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Traps as treats: a traditional sticky rice snack persisting in rapidly changing Asian kitchens.

Schwallier R, de Boer HJ, Visser N, van Vugt RR, Gravendeel B - J Ethnobiol Ethnomed (2015)

Bottom Line: Minimization of this effect in current transitional cultures could be met by placing value on the maintenance of heritage-rich food.Harvest of pitchers does not appear to decrease the number of plants in local populations.Social media proved a valuable tool in our research for locating research areas and in interviewing respondents, and we endorse its further use in ethnobotanical investigations.

View Article: PubMed Central - PubMed

Affiliation: Naturalis Biodiversity Center, Darwinweg 2, 2333, CR, Leiden, The Netherlands. rachel.schwallier@naturalis.nl.

ABSTRACT

Background: An accessory to modern developing economies includes a shift from traditional, laborious lifestyles and cuisine to more sedentary careers, recreation and convenience-based foodstuffs. Similar changes in the developed western world have led to harmful health consequences. Minimization of this effect in current transitional cultures could be met by placing value on the maintenance of heritage-rich food. Vitally important to this is the preservation and dissemination of knowledge of these traditional foods. Here, we investigate the history and functionality of a traditional rice snack cooked in Nepenthes pitchers, one of the most iconic and recognizable plants in the rapidly growing economic environment of Southeast Asia.

Methods: Social media was combined with traditional ethnobotanical surveys to conduct investigations throughout Malaysian Borneo. Interviews were conducted with 25 market customers, vendors and participants from various ethnical groups with an in-depth knowledge of glutinous rice cooked in pitcher plants. The acidity of pitcher fluid was measured during experimental cooking to analyze possible chemical avenues that might contribute to rice stickiness.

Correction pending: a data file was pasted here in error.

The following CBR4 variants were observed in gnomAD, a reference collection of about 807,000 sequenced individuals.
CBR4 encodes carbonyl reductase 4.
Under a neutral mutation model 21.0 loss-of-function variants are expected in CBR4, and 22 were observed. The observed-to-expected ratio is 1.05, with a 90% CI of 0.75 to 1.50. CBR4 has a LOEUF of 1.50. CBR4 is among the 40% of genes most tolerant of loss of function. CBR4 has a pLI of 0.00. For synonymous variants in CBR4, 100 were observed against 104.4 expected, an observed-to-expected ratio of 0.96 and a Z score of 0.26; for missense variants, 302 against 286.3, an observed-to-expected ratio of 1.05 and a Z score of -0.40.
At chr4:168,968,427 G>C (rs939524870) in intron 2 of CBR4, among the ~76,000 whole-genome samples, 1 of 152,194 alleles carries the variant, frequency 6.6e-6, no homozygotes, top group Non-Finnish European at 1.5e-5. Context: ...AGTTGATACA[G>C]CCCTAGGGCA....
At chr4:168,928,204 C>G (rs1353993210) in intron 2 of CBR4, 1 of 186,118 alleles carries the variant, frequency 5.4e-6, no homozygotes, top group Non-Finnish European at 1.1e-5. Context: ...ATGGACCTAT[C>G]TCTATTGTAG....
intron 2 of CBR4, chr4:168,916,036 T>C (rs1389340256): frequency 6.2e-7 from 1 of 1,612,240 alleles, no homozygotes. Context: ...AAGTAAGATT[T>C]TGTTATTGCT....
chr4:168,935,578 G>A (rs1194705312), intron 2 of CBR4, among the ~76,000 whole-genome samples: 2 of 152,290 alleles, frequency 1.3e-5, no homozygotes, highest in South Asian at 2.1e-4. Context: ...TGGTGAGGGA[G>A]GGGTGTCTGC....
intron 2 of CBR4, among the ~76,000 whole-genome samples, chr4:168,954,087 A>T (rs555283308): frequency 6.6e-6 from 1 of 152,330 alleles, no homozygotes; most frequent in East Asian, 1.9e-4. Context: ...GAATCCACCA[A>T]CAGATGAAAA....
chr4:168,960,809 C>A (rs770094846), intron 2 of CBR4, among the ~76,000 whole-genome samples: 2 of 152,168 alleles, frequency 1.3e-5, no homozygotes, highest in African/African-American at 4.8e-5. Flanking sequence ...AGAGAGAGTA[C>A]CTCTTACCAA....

Results: Participants identifying the snack were almost all (96%) from indigenous Bidayuh or Kadazandusun tribal decent. They prepare glutinous rice inside pitcher traps for tradition, vessel functionality and because they thought it added fragrance and taste to the rice. The pH and chemical activity of traps analyzed suggest there is no corresponding effect on rice consistency. Harvest of pitchers does not appear to decrease the number of plants in local populations.

Conclusions: The tradition of cooking glutinous rice snacks in pitcher plants, or peruik kera in Malay, likely carries from a time when cooking vessels were more limited, and persists only faintly in tribal culture today because of value placed on maintaining cultural heritage. Social media proved a valuable tool in our research for locating research areas and in interviewing respondents, and we endorse its further use in ethnobotanical investigations. Our gathered data urges for the preservation of sustainable, tribal plant use for the prosperity of both health and culture.

No MeSH data available.


Related in: MedlinePlus